A program that aims to get Allston-Brighton youths active, eating right and making “good life choices” has found success in its first year in part due to its simplicity, according to Boston Police officers who founded the initiative a year ago next month.
“It’s not all-encompassing, and it’s not three or four times a week,” said District 14 Officer Frank Hughes. “It’s low-commitment. We don’t push them. No pressure. No stress.”
The Road to the Right Track program has about 50 youths ages 10 to 18 meet at a local track for about an hour once a week – on Saturday afternoons – to walk, run and work out.
“It’s not about times,” said Hughes. “Anybody can run, Anybody can walk. They’re all doing great.”
The program also invites the youths to a monthly meeting where they get a meal – salad, water and whole-wheat pizza – and listen to guest speakers who talk about topics including, nutrition, proper health and exercise, education and good life choices.
Last month, Boston’s new police Commissioner William Evans was the guest speaker.
The program, which will celebrate its anniversary next month, recently hired a nutritionist and has numerous sponsors including the Oak Square YMCA, St. Elizabeth’s Medical Center, Allston Brighton Substance Abuse Task Force, Stone Hearth Pizza and the Boston Police Athletic League.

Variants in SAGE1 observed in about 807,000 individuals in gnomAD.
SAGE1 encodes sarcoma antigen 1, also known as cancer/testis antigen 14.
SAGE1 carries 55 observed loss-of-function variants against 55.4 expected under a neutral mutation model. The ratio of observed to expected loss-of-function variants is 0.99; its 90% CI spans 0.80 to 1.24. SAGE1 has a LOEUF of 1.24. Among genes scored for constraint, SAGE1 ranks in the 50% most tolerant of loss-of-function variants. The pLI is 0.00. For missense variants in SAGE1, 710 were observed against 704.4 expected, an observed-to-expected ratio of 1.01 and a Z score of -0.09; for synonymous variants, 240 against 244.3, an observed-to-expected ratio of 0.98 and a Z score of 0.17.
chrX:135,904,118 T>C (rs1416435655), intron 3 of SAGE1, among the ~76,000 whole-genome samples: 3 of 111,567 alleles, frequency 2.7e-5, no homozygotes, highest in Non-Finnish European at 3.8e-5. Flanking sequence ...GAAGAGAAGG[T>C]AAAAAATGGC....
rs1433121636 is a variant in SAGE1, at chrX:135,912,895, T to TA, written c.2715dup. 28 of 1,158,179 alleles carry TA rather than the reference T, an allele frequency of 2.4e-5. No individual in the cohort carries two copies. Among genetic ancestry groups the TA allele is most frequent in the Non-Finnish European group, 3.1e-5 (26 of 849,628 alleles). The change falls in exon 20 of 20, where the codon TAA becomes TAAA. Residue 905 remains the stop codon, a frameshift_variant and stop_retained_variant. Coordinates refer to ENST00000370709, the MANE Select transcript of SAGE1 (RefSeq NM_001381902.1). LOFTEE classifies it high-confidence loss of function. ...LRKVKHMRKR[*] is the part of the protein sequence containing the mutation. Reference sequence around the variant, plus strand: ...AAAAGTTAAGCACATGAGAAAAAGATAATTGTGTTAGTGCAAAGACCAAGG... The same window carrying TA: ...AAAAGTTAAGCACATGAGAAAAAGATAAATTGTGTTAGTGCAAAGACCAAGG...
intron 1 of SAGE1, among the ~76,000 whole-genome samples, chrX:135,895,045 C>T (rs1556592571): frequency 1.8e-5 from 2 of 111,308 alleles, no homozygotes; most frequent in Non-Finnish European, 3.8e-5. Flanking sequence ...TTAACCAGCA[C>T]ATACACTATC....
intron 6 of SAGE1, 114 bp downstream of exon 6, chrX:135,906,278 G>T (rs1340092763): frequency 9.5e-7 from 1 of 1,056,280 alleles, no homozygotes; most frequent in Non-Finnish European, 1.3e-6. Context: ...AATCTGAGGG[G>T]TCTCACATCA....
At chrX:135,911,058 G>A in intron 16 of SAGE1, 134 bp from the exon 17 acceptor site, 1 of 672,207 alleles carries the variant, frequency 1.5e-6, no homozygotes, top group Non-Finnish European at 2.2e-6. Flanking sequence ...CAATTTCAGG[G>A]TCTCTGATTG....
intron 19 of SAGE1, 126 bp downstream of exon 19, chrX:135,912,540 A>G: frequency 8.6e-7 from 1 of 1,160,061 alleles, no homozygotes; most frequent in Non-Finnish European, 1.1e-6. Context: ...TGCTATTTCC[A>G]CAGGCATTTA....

The New Balance Foundation donates free sneakers and uniforms for the youth. The youths also get water bottles and fitness journals to encourage them to work out on their own and to keep track of what they do.
The Boston Police Department has funded the group’s participation in three local charitable run or walk road races.
And, local schools, including Boston College, Boston University and Harvard University donate time on their tracks for the program’s weekly workouts.
“We want to get the kids familiar with the universities,” said Sergeant Michael O’Hara. “All these resources are right in their neighborhoods and they should take advantage of them.”